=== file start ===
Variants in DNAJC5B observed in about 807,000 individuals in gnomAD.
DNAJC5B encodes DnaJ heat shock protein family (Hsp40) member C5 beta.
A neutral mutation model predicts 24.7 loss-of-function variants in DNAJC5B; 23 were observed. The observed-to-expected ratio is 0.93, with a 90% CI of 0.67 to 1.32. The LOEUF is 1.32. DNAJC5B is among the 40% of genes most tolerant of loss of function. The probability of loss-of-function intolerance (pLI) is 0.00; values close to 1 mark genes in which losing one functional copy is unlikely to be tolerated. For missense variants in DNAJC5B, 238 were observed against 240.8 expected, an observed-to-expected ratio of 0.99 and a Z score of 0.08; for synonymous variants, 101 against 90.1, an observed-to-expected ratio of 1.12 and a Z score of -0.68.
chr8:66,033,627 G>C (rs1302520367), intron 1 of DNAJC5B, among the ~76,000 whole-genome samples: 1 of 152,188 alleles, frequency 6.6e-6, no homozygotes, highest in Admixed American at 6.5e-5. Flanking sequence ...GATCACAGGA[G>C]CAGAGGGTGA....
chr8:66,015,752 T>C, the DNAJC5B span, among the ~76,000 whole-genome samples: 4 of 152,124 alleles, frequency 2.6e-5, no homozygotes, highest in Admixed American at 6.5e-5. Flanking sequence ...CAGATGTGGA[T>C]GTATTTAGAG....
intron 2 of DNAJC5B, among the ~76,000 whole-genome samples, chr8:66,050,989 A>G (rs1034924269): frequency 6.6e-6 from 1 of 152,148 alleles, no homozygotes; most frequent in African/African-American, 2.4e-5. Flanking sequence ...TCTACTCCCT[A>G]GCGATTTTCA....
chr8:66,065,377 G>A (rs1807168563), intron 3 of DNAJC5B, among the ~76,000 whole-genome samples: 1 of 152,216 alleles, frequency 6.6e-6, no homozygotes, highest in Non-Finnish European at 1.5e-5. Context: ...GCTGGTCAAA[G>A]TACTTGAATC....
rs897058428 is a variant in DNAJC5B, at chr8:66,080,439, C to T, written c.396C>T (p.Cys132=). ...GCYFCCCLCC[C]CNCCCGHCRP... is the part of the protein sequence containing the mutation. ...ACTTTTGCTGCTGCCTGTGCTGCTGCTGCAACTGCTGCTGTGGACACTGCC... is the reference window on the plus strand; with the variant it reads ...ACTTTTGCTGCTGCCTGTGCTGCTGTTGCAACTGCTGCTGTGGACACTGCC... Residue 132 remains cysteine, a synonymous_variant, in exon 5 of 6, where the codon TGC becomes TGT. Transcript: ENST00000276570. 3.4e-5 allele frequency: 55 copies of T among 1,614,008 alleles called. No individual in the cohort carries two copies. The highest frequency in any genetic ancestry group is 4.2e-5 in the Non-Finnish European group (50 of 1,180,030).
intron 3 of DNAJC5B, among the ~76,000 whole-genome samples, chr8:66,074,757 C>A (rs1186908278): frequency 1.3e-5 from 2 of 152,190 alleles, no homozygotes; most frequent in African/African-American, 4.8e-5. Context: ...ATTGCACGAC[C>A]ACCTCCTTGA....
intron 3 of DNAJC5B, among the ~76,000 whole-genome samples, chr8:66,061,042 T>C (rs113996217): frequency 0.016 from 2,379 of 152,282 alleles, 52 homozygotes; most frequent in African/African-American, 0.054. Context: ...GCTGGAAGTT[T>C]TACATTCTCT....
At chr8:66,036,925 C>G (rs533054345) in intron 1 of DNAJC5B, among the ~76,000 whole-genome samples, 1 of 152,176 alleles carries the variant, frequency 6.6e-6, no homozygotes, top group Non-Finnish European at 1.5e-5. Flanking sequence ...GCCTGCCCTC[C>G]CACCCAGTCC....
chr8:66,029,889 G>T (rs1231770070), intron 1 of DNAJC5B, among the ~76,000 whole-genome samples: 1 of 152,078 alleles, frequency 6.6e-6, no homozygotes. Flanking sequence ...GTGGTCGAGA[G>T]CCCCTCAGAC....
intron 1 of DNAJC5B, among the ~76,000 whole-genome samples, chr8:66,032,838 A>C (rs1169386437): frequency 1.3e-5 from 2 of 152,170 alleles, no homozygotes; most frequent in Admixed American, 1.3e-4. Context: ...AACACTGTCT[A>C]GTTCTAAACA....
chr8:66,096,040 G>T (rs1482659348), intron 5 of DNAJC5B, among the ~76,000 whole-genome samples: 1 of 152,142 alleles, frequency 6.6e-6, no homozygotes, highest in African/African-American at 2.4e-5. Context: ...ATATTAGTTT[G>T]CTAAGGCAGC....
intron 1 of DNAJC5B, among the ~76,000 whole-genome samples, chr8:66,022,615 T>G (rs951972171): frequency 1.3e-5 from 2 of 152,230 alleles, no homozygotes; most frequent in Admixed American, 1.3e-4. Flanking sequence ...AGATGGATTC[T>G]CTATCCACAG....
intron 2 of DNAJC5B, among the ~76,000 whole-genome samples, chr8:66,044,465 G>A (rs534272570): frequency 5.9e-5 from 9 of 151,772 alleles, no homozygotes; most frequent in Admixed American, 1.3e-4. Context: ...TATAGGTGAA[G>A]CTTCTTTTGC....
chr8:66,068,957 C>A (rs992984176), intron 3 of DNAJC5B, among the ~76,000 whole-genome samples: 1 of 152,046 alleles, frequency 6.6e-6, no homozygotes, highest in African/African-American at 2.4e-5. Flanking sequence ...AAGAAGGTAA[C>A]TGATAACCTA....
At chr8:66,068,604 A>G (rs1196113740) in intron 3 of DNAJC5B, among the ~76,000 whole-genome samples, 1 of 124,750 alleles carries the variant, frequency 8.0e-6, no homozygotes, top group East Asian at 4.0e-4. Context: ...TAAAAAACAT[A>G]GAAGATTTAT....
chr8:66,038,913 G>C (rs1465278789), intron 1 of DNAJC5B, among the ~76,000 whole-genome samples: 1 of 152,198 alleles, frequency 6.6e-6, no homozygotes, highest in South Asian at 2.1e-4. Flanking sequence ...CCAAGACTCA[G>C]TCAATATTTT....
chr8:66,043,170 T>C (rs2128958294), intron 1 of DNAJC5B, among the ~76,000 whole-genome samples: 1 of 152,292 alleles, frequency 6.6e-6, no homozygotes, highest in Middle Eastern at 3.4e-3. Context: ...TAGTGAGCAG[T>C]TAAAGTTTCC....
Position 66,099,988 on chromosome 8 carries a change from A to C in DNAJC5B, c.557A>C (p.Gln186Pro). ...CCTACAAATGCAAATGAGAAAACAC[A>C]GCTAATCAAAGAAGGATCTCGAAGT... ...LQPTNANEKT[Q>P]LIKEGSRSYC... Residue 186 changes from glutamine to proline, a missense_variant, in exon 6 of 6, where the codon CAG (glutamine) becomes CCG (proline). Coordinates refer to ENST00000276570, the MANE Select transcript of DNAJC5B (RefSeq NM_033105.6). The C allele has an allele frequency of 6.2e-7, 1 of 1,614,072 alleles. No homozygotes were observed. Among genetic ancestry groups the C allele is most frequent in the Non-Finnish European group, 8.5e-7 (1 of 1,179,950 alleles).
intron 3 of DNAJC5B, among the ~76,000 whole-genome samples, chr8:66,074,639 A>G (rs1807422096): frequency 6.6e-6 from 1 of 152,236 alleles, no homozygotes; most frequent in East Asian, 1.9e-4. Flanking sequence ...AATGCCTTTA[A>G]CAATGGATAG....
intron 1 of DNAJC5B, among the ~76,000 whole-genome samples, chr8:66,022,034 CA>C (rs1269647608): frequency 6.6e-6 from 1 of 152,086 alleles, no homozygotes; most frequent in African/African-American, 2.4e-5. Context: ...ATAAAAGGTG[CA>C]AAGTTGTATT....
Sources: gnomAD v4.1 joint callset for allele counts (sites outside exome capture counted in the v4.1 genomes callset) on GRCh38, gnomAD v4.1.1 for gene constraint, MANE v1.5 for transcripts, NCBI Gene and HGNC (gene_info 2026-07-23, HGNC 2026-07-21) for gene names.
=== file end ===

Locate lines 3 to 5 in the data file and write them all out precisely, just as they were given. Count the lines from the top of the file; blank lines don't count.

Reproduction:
A neutral mutation model predicts 24.7 loss-of-function variants in DNAJC5B; 23 were observed. The observed-to-expected ratio is 0.93, with a 90% CI of 0.67 to 1.32. The LOEUF is 1.32. DNAJC5B is among the 40% of genes most tolerant of loss of function. The probability of loss-of-function intolerance (pLI) is 0.00; values close to 1 mark genes in which losing one functional copy is unlikely to be tolerated. For missense variants in DNAJC5B, 238 were observed against 240.8 expected, an observed-to-expected ratio of 0.99 and a Z score of 0.08; for synonymous variants, 101 against 90.1, an observed-to-expected ratio of 1.12 and a Z score of -0.68.
chr8:66,033,627 G>C (rs1302520367), intron 1 of DNAJC5B, among the ~76,000 whole-genome samples: 1 of 152,188 alleles, frequency 6.6e-6, no homozygotes, highest in Admixed American at 6.5e-5. Flanking sequence ...GATCACAGGA[G>C]CAGAGGGTGA....
chr8:66,015,752 T>C, the DNAJC5B span, among the ~76,000 whole-genome samples: 4 of 152,124 alleles, frequency 2.6e-5, no homozygotes, highest in Admixed American at 6.5e-5. Flanking sequence ...CAGATGTGGA[T>C]GTATTTAGAG....